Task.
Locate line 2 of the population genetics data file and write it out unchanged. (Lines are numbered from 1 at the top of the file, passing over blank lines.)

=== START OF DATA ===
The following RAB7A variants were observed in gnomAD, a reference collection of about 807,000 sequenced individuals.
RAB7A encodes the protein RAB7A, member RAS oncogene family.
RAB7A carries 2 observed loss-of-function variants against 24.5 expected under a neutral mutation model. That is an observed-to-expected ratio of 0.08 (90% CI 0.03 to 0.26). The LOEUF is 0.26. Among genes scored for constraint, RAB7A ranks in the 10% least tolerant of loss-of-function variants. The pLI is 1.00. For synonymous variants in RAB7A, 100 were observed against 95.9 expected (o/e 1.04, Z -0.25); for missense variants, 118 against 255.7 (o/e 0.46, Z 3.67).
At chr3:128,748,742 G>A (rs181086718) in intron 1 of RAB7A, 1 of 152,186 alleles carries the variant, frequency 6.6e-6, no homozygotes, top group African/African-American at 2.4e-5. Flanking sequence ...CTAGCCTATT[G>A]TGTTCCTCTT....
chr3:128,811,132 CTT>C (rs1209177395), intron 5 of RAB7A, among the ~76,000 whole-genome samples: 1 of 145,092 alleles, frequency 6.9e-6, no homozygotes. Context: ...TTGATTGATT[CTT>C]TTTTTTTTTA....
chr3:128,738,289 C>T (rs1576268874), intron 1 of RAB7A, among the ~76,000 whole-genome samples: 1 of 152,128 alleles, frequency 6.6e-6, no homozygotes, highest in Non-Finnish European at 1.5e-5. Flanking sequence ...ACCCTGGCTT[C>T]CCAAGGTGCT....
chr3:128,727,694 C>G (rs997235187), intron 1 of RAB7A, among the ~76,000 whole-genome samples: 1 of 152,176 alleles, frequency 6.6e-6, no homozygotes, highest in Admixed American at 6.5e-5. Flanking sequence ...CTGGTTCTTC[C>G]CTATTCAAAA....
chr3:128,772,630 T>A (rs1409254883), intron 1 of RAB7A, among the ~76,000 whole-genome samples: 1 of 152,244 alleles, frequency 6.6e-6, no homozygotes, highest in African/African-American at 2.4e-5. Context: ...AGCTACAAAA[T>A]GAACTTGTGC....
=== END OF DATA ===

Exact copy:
RAB7A encodes the protein RAB7A, member RAS oncogene family.